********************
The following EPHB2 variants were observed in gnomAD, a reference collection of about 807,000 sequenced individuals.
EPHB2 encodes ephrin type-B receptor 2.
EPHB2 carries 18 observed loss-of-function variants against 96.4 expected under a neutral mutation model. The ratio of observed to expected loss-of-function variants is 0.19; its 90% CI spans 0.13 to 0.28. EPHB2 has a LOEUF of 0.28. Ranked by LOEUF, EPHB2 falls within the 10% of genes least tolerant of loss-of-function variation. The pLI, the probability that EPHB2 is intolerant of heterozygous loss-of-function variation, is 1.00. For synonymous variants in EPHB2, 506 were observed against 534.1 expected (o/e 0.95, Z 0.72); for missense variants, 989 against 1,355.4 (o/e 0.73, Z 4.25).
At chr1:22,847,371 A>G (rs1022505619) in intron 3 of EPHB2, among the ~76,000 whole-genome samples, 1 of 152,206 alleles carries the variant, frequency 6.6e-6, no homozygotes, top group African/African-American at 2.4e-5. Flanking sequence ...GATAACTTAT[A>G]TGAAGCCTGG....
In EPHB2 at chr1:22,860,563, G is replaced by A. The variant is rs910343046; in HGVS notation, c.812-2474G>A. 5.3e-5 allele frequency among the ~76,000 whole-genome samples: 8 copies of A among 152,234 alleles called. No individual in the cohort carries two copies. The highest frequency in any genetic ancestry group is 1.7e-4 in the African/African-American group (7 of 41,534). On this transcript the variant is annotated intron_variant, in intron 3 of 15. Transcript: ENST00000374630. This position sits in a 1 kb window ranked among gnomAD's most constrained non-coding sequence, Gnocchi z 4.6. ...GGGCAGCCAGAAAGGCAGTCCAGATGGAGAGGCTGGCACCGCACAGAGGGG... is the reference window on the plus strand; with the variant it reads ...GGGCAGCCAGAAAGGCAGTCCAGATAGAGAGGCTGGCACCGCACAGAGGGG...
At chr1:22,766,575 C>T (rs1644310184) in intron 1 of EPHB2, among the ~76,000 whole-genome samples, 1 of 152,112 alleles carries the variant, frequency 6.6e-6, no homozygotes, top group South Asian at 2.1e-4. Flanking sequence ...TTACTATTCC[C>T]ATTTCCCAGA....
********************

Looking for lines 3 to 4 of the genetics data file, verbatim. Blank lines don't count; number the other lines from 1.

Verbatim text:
EPHB2 carries 18 observed loss-of-function variants against 96.4 expected under a neutral mutation model. The ratio of observed to expected loss-of-function variants is 0.19; its 90% CI spans 0.13 to 0.28. EPHB2 has a LOEUF of 0.28. Ranked by LOEUF, EPHB2 falls within the 10% of genes least tolerant of loss-of-function variation. The pLI, the probability that EPHB2 is intolerant of heterozygous loss-of-function variation, is 1.00. For synonymous variants in EPHB2, 506 were observed against 534.1 expected (o/e 0.95, Z 0.72); for missense variants, 989 against 1,355.4 (o/e 0.73, Z 4.25).
At chr1:22,847,371 A>G (rs1022505619) in intron 3 of EPHB2, among the ~76,000 whole-genome samples, 1 of 152,206 alleles carries the variant, frequency 6.6e-6, no homozygotes, top group African/African-American at 2.4e-5. Flanking sequence ...GATAACTTAT[A>G]TGAAGCCTGG....